Michael Gove, Education Secretary, today (Sept 1) announced that 142 schools have accepted the Government’s offer to become an academy since the Academies Act became law just over a month ago. These schools have made a commitment to work with other schools and share their expertise. This is the first wave of converters in a rolling process that allows schools to convert at any stage.

The running total of schools that will become academies this academic year is 216 so far. The current breakdown is as follows:

  • 142 schools converting to become academies: 32 are opening this week and a further 110 schools have had Academy Orders signed which means they are on track to convert to academies over the coming months.
  • Of the 142, there are 7 primary schools which become the first ever primary academies to open. The Government has said that special schools will also be allowed to become academies from next year.
  • 64 new academies replace failing schools this September plus a further 10 opening by April 2011. This is record progress; it took five years for 15 city technology colleges to open, and four years for the first 27 academies to open.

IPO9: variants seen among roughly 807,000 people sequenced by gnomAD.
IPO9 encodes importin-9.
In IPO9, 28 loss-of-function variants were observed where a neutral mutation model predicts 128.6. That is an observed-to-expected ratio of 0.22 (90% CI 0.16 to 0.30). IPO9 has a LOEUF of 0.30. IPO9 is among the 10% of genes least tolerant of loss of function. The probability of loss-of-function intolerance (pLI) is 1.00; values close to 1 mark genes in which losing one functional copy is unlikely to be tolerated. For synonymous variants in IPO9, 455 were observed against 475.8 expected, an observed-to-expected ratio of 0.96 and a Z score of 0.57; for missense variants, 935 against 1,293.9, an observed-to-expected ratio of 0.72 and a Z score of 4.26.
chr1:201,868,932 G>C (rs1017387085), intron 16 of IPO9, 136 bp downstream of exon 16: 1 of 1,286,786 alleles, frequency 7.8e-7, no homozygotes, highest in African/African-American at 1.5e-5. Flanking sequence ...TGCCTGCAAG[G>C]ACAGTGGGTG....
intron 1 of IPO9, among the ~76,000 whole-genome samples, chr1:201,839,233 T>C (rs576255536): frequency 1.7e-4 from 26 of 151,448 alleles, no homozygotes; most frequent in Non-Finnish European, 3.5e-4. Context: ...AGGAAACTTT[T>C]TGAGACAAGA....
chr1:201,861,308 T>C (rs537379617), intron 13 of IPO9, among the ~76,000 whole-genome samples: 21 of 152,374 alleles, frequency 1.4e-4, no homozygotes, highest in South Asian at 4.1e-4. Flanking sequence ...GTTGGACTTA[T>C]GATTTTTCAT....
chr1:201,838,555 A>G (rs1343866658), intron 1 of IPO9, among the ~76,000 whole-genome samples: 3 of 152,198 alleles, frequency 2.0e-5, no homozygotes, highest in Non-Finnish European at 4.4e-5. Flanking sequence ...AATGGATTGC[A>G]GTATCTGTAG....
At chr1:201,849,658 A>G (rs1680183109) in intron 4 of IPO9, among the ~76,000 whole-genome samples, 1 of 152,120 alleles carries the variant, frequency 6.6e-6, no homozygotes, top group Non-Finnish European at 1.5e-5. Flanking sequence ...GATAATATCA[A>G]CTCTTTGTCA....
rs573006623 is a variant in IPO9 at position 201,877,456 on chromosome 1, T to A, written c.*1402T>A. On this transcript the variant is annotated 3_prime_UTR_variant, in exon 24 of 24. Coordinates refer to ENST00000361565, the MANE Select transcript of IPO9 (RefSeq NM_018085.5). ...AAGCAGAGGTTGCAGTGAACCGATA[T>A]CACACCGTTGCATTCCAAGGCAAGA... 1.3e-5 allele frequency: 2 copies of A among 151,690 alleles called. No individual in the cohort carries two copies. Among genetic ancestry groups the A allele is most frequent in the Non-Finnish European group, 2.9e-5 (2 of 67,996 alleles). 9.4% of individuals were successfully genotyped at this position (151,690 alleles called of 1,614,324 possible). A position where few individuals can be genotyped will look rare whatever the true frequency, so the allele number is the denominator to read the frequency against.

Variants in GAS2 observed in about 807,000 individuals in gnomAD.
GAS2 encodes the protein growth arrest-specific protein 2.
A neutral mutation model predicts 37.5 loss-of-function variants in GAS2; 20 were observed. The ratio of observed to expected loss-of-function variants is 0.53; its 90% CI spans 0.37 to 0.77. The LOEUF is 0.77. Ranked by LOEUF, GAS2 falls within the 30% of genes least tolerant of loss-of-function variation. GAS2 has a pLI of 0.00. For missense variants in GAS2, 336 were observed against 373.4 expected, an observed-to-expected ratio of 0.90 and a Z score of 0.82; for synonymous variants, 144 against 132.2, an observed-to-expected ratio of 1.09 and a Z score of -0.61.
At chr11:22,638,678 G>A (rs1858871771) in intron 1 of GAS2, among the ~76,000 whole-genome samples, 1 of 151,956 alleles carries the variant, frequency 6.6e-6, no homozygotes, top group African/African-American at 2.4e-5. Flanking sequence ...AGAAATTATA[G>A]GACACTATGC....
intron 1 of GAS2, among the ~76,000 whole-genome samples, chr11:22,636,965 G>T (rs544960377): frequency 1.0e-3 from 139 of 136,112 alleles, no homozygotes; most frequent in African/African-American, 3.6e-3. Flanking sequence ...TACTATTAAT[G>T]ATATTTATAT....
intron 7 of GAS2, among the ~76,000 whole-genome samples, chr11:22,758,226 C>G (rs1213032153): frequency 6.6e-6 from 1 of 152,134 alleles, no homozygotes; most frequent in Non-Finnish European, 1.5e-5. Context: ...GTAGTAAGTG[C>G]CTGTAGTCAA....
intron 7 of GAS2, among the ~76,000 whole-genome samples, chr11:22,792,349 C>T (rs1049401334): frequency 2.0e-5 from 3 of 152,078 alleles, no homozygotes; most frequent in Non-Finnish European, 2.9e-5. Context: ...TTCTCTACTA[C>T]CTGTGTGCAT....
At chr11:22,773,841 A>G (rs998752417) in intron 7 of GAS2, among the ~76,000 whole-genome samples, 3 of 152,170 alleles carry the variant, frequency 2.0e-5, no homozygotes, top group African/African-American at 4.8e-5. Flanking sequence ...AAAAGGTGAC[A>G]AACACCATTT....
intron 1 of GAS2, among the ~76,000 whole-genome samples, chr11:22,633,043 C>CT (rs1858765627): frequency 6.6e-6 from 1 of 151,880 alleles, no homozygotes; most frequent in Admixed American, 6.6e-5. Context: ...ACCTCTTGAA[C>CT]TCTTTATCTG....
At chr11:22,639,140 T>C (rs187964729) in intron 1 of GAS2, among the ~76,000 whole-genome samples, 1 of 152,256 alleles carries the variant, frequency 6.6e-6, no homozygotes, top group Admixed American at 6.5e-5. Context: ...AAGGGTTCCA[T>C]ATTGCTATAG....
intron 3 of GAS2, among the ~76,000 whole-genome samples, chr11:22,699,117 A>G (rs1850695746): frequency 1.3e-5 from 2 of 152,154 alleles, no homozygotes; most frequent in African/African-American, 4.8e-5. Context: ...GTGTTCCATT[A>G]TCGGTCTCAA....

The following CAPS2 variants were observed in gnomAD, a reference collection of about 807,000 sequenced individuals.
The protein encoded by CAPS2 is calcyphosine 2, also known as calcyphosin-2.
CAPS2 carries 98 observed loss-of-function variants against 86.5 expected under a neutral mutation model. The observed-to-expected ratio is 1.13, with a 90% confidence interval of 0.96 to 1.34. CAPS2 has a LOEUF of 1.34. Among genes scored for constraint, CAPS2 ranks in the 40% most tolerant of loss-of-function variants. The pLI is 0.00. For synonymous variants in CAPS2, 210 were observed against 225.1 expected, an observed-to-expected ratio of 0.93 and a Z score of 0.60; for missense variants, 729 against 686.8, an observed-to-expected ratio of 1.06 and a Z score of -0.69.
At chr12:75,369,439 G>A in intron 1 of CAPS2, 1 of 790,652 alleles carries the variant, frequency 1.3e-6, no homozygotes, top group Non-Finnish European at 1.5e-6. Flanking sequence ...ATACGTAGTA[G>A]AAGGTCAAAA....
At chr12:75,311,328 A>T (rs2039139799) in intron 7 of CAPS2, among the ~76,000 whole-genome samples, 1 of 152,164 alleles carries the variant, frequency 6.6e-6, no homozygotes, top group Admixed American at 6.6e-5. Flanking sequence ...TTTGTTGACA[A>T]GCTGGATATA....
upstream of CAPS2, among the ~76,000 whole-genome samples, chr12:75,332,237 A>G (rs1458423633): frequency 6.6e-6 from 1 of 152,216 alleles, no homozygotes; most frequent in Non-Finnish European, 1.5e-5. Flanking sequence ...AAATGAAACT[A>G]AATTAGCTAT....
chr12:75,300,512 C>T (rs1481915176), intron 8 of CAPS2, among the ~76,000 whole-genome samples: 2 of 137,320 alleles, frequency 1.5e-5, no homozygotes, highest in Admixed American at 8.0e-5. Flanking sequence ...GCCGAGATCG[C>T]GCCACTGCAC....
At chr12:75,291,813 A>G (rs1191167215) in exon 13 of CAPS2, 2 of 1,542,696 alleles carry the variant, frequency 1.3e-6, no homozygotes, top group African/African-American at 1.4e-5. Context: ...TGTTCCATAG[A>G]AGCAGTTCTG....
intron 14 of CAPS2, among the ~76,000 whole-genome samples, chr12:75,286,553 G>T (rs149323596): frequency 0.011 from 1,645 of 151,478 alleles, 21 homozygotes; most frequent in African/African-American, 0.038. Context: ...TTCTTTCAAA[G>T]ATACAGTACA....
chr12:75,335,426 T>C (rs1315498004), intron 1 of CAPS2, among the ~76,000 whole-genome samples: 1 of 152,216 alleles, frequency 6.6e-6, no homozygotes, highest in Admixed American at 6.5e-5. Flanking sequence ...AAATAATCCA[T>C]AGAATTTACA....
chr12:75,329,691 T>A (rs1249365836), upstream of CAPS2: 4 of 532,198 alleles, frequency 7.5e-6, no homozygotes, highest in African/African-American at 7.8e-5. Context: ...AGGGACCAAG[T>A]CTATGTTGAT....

Michael Gove said:

This Government believes that teachers and head teachers, not politicians and bureaucrats, should control schools and have more power over how they are run. That’s why we are spreading academy freedoms. This will give heads more power to tackle disruptive children, to protect and reward teachers better, and to give children the specialist teaching they need.

This year’s GCSE results saw academy pupils improving at nearly three times the historic rate of state school improvement.

Notes to editors

  1. A full list of all schools becoming academies for this September term is available to download. Download the list as a pdf (pdf, 45kb). Download the list as a spreadsheet (excel, 46kb). A list of applications for academy status, and Academy Orders is also available to download. Download the list as a pdf (pdf, 60kb). Download the list as a spreadsheet (excel, 47kb).
  2. For further information and responses from Heads of new academies, read the full press notice.
  3. The list below gives the number of academies opening each year under the previous Government:
  • 3 opened in 2002
  • 9 opened in 2003
  • 5 opened in 2004
  • 10 opened in 2005
  • 19 opened in 2006
  • 37 opened in 2007
  • 47 opened in 2008
  • 70 opened in 2009
  • 3 opened in January 2010

Total: 203